Bungie’s split from Activision, ending a publishing partnership that spanned almost a decade, remains one of the more shocking recent corporate moves in the games industry. In the process, Bungie bought back the rights to publish Destiny, freeing itself to choose a new direction for the series, one that doesn’t involve a major publisher’s sales expectations.
According to an Activision Blizzard earnings call (via PC Gamer) in February, those exact sales expectations are what caused a rift between publisher and studio. In fact, back in November, Activision stated it was unhappy with how Destiny 2‘s major Year Two expansion, Forsaken, had performed, despite the fact that the expansion was solid and seemed to revive the community a bit. But another big factor, one Activision COO Coddy Johnson seems more concerned about than sales, is the fact that the publisher didn’t own the rights to Destiny (and therefore couldn’t make every last bit penny it could off the franchise).
“First, as you know, we didn’t own the underlying Destiny IP,” Johnson said during the earnings call. “And we do for all our other major franchises, which we think is not just a differentiator for us in the industry, but also controlling the underlying IP gives us the chance to move into new experiences and new engagement models, which also come with new revenue streams and of course structurally higher economics, when you own the IP.”
Indeed, Activision has the freedom to do as it sees fit with first-party IPs like Call of Duty, Crash Bandicoot, and Skylanders, not to mention all of those top-tier Blizzard titles. But the deal with Bungie was much more restrictive — a 10-year publishing deal that gave Activision the exclusive rights to publish Destiny but not actual ownership of the franchise. Bungie had so many cards left to play in that deal that it was even able to break off from Activision two years before the deal was even over. Activision couldn’t release yearly Destiny installments or even as much as a free-to-play mobile Destiny game without Bungie’s permission. Naturally, money was being left on the table, according to Activision.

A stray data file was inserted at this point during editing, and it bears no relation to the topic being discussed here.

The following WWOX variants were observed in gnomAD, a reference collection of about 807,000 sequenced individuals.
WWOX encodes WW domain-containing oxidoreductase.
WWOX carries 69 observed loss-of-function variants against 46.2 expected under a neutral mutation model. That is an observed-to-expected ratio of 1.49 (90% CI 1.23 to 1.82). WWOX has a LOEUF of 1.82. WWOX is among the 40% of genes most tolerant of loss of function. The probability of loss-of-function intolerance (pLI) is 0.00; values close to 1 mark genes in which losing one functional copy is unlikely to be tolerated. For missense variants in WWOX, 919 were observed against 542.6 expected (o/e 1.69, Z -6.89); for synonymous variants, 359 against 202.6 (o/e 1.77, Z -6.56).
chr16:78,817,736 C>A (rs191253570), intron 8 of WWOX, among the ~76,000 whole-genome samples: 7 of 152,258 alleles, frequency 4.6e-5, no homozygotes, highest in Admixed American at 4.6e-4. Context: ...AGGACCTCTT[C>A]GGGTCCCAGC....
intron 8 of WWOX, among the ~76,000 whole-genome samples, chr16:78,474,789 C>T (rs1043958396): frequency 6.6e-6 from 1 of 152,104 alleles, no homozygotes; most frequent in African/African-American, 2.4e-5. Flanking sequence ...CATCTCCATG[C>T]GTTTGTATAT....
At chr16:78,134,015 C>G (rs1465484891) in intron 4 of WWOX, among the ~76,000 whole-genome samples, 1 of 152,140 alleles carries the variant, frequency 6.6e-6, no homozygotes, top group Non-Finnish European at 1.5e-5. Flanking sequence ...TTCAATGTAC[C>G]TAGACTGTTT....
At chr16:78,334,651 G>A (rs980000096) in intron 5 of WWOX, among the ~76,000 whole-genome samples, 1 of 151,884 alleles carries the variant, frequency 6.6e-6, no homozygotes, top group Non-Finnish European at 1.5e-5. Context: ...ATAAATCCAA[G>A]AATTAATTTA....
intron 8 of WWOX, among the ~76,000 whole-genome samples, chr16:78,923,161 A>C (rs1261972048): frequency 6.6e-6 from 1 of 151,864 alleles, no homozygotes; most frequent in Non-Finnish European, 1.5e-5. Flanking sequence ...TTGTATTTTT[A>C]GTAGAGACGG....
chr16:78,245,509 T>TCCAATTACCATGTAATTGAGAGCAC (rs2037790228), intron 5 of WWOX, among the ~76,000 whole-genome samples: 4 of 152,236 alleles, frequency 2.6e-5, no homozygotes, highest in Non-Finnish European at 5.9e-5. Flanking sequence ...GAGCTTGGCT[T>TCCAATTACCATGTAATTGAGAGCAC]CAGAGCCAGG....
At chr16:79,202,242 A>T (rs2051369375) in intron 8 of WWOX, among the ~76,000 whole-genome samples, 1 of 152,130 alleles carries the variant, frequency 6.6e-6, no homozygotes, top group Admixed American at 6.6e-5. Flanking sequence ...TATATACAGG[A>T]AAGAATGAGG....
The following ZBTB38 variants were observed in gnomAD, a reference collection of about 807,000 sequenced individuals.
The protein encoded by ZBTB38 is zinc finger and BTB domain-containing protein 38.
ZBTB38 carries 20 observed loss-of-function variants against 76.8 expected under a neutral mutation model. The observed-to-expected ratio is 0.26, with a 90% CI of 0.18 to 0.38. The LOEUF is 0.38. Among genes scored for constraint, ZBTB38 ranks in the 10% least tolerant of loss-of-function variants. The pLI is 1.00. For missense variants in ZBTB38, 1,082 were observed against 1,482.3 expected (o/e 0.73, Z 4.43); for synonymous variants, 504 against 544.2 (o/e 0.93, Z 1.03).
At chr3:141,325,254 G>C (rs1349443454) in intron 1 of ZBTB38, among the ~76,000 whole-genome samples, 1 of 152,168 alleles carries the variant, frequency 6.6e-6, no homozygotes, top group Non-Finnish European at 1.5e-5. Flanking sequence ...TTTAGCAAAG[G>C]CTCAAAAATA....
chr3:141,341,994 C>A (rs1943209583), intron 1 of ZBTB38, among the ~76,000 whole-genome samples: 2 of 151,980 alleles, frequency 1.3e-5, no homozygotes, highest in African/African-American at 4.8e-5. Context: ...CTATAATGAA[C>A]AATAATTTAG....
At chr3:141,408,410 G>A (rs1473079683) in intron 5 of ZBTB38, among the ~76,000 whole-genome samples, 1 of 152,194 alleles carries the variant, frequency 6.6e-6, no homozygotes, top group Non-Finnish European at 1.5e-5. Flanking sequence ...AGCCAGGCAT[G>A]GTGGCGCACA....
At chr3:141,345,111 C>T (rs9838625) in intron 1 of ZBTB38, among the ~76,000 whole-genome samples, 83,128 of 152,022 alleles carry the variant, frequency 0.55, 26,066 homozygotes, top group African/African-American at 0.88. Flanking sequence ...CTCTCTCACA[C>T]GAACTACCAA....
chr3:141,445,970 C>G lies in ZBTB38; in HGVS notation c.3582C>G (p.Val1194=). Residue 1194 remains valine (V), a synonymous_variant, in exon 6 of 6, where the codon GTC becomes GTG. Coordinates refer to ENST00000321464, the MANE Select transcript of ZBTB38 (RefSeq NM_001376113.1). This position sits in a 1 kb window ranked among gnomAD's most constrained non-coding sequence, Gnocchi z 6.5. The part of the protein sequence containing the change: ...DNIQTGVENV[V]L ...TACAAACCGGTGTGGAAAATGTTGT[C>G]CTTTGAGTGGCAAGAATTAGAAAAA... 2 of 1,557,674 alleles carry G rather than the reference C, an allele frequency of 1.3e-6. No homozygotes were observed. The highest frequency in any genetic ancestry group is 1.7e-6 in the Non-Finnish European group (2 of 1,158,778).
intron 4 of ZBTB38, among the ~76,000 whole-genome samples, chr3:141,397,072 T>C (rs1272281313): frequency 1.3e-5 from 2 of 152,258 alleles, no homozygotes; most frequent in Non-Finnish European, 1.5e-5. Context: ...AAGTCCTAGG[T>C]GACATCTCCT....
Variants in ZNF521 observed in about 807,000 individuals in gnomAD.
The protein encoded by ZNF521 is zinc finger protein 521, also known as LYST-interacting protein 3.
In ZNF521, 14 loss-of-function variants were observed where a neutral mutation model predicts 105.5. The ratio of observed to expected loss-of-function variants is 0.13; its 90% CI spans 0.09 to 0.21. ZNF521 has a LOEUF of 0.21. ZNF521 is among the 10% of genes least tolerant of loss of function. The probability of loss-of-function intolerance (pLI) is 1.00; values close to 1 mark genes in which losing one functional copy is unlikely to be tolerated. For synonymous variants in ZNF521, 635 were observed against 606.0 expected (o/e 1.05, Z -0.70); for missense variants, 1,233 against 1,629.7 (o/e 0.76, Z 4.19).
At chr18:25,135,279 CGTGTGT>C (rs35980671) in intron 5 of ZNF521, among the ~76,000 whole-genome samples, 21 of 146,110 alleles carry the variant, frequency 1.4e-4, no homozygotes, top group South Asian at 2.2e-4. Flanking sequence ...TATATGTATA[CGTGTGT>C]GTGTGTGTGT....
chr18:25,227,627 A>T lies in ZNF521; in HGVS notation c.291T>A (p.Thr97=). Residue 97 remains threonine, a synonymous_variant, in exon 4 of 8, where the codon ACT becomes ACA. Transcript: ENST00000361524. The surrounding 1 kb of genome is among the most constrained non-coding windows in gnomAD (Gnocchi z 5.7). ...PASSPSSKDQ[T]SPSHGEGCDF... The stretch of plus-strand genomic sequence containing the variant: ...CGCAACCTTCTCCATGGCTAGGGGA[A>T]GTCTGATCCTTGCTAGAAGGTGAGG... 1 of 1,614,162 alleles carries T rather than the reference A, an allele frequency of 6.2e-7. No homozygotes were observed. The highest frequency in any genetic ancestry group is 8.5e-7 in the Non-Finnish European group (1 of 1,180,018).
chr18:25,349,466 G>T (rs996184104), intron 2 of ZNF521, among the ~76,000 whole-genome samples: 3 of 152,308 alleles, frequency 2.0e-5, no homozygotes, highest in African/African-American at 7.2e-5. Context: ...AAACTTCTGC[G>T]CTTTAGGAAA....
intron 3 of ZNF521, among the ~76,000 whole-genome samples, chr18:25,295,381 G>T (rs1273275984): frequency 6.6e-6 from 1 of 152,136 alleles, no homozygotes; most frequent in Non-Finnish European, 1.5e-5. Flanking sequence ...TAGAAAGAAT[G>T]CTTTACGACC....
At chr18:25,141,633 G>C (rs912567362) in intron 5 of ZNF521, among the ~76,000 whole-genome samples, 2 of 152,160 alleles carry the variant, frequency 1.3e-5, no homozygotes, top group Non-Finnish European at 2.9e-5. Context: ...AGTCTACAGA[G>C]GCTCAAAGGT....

“And that leads to probably the second factor in our decision process, which is, Destiny is highly critically acclaimed, high-quality content, but it was not meeting our financial expectations.”
Destiny might still be a profitable venture for Bungie, which is reportedly already planning Destiny 3, on top of a whole new IP allegedly codenamed Matter, but according to Johnson, development on the loot shooter was taking away valuable resources from Activision, which just this week laid off nearly 800 employees in order to beef up its development teams further. In short, the break up seems to have been mutual, and both studio and publisher seem to be relieved.
We’ll keep you updated as we hear more about Destiny and Bungie.